For many people, kohlrabi (Brassica oleracea) is one of those novelty vegetables you encounter in the produce aisle. It looks interesting but unfamiliar, and you pass it by. However, kohlrabi is a versatile vegetable you can use in recipes as a substitute for broccoli or cabbage. The name means cabbage-turnip, which is a clue to its flavor. When eaten raw, the young stems are crisp and mild. When used in recipes, kohlrabi is like cabbage 2.0: vegetal, but slightly spicy.
Kohlrabi reaches harvest maturity 45 to 60 days after the seeds germinate. Ideally, you should plant it so it comes to harvest before average daytime temperatures exceed 75 degrees Fahrenheit. If you plan to harvest it as a fall crop, you can plant the seeds about 90 days before the expected first frost date.
|Botanical Name||Brassica oleracea|
|Common Names||Kohlrabi; German turnip, Turnip-rooted cabbage|
|Plant Type||Herbaceous biennial|
|Mature Size||18 inches tall, 18 to 24 inches wide|
|Sun Exposure||Full sun|
|Soil Type||Rich, moist loam|
|Soil pH||Slightly acidic (5.5 to 6.9)|
|Flower Color||Pale yellow|
|Hardiness Zones||2a to 11b (USDA)|
|Native Area||Northern Europe|
How to Plant Kohlrabi
Kohlrabi is easy to grow, even for beginners. Gardeners who can't wait to get a jump on the season should add kohlrabi to their early performers like peas and radishes. Kohlrabi is very cold-tolerant and ideally should be finished with its growing cycle before soil temperatures warm up.
Plant kohlrabi seeds directly in the garden after the last hard freeze in spring, or plant in fall with enough time to harvest before the first hard freeze. Press the seeds 1/4 to 1/2 inch deep into the soil with one-inch spacing. For row planting, space the rows 12 inches apart. Thin the seedlings to four inches apart after true leaves develop. Note: Spacing may differ for different plant varieties. For example, giant kohlrabi varieties, which are preferred for the longer fall season, should be seeded with four-inch spacing and thinned to 12 inches between plants.
Kohlrabi needs a full day of sun to grow plump and develop its characteristic flavor. Because this is a fast, early-season vegetable, you may be able to plant it near deciduous trees that haven't leafed out yet.
Although kohlrabi isn't a root vegetable, it craves the same kind of growing conditions you would give carrots or radishes: moist, rich loam. Double digging or raised beds will yield kohlrabi bulbs with tender, non-pithy flesh.
Keep kohlrabi well-watered, which shouldn't be difficult in cool spring or fall soils. It typically needs one inch of rain or watering per week. For a nutrient boost, water with compost tea each time.
Temperature and Humidity
Like many cruciferous vegetables such as broccoli and Brussels sprouts, kohlrabi grows best in cool weather. When summer temperatures arrive, kohlrabi is done growing. Plants you didn't get around to harvesting will be prompted by warm weather to bolt, or produce flowers.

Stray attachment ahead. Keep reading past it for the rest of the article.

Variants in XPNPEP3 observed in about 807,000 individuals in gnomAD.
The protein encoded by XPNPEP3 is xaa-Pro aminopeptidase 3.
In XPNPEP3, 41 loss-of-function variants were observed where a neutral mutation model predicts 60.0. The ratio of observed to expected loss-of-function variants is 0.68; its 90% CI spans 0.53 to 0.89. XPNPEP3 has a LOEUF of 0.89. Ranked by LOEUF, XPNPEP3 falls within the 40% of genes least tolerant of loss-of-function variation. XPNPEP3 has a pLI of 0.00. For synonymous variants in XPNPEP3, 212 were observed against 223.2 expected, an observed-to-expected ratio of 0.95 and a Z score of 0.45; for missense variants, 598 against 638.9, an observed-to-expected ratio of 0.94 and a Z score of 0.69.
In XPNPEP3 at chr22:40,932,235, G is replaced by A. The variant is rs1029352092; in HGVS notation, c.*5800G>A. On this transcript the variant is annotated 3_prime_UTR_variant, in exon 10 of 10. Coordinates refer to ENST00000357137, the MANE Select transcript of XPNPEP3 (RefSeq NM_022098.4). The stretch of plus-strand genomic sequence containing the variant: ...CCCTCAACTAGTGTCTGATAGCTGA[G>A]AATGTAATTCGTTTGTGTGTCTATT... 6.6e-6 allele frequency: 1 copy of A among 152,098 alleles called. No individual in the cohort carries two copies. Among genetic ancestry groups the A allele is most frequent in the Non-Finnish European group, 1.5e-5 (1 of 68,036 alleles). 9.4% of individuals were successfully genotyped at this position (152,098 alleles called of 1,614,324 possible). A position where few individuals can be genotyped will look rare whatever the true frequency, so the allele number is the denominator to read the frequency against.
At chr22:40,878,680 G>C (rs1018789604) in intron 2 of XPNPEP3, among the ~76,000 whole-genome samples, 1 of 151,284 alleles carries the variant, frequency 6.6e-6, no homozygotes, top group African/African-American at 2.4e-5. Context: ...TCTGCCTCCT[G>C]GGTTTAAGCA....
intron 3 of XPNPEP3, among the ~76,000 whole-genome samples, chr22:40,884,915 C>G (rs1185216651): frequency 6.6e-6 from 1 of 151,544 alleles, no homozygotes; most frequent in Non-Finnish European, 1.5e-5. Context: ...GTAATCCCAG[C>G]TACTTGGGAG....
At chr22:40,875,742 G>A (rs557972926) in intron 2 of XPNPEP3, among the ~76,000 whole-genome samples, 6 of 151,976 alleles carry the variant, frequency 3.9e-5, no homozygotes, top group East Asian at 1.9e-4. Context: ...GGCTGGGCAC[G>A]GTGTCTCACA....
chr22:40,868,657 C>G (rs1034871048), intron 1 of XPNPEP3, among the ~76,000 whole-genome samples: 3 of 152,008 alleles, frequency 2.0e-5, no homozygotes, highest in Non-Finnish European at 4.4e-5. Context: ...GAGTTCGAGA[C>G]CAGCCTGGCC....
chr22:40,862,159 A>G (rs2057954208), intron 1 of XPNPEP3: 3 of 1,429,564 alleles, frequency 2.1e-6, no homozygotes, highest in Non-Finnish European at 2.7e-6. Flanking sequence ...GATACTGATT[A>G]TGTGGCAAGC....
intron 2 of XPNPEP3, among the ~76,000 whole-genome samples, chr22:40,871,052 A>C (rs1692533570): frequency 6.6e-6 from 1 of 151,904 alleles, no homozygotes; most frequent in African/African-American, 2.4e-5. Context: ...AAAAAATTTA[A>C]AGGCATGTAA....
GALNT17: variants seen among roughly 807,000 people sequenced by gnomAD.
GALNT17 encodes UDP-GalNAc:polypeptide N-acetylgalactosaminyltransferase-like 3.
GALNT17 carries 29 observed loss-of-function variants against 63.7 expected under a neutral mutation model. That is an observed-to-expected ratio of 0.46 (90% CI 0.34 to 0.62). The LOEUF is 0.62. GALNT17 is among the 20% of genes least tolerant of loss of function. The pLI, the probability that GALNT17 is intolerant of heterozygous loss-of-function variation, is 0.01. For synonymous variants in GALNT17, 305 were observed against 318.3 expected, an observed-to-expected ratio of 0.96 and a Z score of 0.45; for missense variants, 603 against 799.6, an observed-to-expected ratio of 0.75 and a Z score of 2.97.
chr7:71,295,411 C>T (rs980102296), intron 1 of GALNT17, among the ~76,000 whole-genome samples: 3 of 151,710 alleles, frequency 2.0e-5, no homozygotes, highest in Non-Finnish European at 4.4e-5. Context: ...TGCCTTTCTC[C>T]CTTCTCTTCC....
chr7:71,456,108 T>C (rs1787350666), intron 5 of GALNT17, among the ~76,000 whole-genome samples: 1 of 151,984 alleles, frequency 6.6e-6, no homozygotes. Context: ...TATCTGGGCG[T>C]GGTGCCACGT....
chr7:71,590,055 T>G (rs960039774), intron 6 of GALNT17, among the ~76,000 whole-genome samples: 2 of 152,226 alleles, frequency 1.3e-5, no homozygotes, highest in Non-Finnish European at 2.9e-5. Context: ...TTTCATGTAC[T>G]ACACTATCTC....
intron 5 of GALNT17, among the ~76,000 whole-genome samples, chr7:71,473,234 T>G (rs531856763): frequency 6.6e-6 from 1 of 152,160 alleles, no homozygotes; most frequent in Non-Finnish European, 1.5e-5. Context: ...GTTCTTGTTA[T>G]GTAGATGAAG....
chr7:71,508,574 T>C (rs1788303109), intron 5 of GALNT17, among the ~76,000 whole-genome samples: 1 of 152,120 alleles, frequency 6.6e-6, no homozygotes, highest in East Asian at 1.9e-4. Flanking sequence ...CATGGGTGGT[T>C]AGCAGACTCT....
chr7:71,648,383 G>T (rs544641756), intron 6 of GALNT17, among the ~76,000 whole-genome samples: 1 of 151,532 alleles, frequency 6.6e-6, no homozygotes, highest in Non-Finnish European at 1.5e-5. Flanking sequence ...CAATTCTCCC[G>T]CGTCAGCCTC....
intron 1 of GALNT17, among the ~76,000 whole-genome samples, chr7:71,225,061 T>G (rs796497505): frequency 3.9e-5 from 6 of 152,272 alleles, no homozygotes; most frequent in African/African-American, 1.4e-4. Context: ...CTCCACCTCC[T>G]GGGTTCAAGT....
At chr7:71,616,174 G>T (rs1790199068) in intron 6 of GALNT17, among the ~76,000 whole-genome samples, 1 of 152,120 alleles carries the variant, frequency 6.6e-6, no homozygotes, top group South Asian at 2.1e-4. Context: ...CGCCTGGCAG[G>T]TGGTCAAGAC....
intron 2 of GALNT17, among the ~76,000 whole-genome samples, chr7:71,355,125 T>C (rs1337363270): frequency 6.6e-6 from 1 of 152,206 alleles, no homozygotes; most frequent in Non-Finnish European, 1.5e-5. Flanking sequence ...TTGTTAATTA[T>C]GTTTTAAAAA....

Kohlrabi is a heavy feeder. It's better to feed the plants continuously by enriching the soil with amendments that improve tilth than to add chemical fertilizers. Add manure at planting time, and side-dress rows with compost until harvest.
Kohlrabi comes in nearly two dozen varieties with a range of different sizes, colors, flavors, shapes, resistance to disease, and length of storage life. You can select from heirloom or hybrid varieties as well.
You can choose between green and purple kohlrabi varieties based solely on your aesthetic preference. In either case, the bulb is white on the inside when cut or peeled. Some chefs say the purple varieties have a sweeter taste; a few favorite purple options include 'Kolibri', 'Rapid', and 'Purple Vienna'.
- 'Gigante' produces a large, tasty bulb, is disease-resistant, and can be kept stored for a long period of time.
- 'Early White Vienna' is a smaller "dwarf" variety that can remain in the garden longer without bolting to seed.
- 'Grand Duke' is the only kohlrabi to obtain an All America Selections Winner distinction, and it needs only 50 days to mature.
Kohlrabi vs. Turnips
Kohlrabi and turnips are both cool-season vegetables with edible bulbs. However, turnips, like carrots, potatoes, and beets, are true root vegetables. The bulb of the kohlrabi is not a root and grows above ground. Kohlrabi and turnips have complementary flavors and taste great together in soups or roasted vegetable medleys.
Kohlrabi doesn't go through a very noticeable color change as it ripens, but you can rely on the size as a determinant of harvest readiness. Young bulbs and foliage have the best texture and flavor, so pull the whole plant when the bulbs are between two and three inches in diameter. Store bulbs in a cool, dry place until you are ready to eat them. The bulbs will keep for a month in the refrigerator.
Like other cruciferous vegetables, the flavor of kohlrabi is excellent the day of harvest and begins to decline slightly each day thereafter. In fact, that kohlrabi you see on the grocery store shelf with slightly wilted leaves might even be a bit skunky—not a good introduction to a new vegetable taste sensation.
Kohlrabi leaves and stems are also edible and can be eaten cooked (like collard greens) or raw. Eat the greens immediately after harvest for the best flavor.
Prevent cutworms by spreading diatomaceous earth around young plants, or by using collars around plants. Handpick caterpillar pests like the cabbage worm. You can also remove egg clusters from the undersides of leaves.
Kohlrabi. University of Illinois Extension